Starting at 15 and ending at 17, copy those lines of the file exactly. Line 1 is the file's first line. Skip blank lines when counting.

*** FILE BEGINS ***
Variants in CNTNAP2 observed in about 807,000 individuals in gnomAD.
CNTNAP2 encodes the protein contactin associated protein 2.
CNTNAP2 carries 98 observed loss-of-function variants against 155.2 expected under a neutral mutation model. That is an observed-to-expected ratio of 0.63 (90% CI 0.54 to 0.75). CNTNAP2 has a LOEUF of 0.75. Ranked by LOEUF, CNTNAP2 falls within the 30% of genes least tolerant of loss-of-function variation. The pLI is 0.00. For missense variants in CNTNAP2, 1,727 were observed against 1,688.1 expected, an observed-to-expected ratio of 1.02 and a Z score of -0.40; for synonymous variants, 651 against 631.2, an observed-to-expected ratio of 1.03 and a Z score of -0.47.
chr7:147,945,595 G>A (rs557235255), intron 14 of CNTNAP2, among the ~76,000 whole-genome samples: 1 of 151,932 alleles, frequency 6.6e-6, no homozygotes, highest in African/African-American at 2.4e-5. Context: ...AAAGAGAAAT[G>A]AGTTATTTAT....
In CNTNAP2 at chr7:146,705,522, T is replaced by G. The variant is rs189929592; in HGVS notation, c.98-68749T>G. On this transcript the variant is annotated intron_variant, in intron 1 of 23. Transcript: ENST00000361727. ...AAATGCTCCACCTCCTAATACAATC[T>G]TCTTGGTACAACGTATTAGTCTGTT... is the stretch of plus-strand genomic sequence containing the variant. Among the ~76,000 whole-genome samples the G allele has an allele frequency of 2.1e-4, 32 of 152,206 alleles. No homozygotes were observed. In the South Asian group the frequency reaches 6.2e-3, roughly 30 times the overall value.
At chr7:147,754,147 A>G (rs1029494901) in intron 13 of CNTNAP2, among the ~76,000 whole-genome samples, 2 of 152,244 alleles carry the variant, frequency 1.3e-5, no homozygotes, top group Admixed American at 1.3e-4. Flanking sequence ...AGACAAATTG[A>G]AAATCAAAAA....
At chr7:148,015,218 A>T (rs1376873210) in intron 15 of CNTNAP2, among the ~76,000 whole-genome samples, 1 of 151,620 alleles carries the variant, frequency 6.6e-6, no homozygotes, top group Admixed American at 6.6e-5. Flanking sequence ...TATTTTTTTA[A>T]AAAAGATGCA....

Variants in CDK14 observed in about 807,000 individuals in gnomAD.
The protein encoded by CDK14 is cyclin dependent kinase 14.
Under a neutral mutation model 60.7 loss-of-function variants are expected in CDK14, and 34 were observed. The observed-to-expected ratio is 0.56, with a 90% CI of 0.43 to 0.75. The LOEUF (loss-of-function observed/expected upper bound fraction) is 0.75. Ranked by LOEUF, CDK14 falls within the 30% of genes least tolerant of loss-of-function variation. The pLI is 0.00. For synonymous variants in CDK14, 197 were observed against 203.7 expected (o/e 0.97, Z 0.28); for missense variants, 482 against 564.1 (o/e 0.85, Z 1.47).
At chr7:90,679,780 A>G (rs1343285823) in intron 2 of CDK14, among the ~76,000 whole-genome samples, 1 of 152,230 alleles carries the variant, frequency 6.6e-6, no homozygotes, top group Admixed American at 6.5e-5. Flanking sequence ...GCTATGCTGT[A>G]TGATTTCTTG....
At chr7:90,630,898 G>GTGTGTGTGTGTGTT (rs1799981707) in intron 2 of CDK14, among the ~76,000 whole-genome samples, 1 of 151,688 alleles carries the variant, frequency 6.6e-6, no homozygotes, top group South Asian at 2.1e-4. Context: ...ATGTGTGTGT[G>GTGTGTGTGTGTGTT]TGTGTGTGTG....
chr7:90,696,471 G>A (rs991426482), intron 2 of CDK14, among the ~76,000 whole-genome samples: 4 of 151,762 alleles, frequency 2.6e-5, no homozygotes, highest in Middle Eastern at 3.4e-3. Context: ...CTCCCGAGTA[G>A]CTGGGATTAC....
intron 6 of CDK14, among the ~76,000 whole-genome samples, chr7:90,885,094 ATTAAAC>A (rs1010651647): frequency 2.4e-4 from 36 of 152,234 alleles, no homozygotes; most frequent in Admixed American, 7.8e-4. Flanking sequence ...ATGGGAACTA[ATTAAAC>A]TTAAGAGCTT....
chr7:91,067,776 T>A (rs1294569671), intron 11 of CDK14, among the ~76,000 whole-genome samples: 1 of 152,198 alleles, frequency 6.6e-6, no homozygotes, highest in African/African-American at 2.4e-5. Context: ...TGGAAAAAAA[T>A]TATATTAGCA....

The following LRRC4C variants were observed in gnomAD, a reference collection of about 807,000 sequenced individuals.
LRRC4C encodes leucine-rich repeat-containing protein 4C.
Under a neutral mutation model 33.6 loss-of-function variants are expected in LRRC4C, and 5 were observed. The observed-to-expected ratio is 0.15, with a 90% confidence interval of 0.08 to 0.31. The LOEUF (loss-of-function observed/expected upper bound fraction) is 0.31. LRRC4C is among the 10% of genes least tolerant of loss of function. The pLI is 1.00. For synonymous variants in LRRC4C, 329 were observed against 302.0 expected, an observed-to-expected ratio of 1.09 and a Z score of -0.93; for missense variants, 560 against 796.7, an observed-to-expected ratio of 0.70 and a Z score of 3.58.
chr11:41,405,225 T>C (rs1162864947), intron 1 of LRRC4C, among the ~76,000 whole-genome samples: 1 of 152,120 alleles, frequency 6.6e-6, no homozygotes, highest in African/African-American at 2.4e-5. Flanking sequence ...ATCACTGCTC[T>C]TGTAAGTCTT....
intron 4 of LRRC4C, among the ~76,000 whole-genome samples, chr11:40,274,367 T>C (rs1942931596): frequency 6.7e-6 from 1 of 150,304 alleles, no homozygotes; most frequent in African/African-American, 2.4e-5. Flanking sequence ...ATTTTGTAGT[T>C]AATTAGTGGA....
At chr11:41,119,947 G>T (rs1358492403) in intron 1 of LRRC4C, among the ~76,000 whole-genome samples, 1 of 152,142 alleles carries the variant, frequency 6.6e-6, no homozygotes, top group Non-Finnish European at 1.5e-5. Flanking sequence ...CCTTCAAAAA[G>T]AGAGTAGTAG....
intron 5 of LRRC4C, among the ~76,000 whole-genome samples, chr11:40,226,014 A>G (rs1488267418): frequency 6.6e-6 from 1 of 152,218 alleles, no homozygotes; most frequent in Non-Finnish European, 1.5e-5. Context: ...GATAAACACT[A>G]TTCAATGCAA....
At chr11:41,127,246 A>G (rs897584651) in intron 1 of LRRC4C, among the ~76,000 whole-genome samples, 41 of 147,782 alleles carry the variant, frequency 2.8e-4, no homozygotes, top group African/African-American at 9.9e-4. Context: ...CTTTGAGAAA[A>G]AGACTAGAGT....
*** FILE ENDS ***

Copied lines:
chr7:91,067,776 T>A (rs1294569671), intron 11 of CDK14, among the ~76,000 whole-genome samples: 1 of 152,198 alleles, frequency 6.6e-6, no homozygotes, highest in African/African-American at 2.4e-5. Context: ...TGGAAAAAAA[T>A]TATATTAGCA....

The following LRRC4C variants were observed in gnomAD, a reference collection of about 807,000 sequenced individuals.
LRRC4C encodes leucine-rich repeat-containing protein 4C.